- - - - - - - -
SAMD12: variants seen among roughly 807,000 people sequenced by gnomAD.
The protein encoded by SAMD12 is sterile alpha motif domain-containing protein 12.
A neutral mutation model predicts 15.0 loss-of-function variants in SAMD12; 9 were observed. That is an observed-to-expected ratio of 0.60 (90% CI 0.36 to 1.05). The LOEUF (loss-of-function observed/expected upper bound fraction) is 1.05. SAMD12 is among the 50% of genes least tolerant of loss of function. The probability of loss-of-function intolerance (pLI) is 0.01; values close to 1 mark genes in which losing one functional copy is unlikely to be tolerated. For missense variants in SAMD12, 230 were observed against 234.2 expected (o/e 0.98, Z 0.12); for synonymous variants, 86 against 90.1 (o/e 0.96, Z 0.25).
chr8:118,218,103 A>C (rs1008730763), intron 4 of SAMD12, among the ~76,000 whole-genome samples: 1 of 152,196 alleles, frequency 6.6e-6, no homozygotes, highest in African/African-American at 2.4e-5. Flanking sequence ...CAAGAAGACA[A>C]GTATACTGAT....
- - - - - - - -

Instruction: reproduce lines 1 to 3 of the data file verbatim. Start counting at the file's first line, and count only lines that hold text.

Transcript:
SAMD12: variants seen among roughly 807,000 people sequenced by gnomAD.
The protein encoded by SAMD12 is sterile alpha motif domain-containing protein 12.
A neutral mutation model predicts 15.0 loss-of-function variants in SAMD12; 9 were observed. That is an observed-to-expected ratio of 0.60 (90% CI 0.36 to 1.05). The LOEUF (loss-of-function observed/expected upper bound fraction) is 1.05. SAMD12 is among the 50% of genes least tolerant of loss of function. The probability of loss-of-function intolerance (pLI) is 0.01; values close to 1 mark genes in which losing one functional copy is unlikely to be tolerated. For missense variants in SAMD12, 230 were observed against 234.2 expected (o/e 0.98, Z 0.12); for synonymous variants, 86 against 90.1 (o/e 0.96, Z 0.25).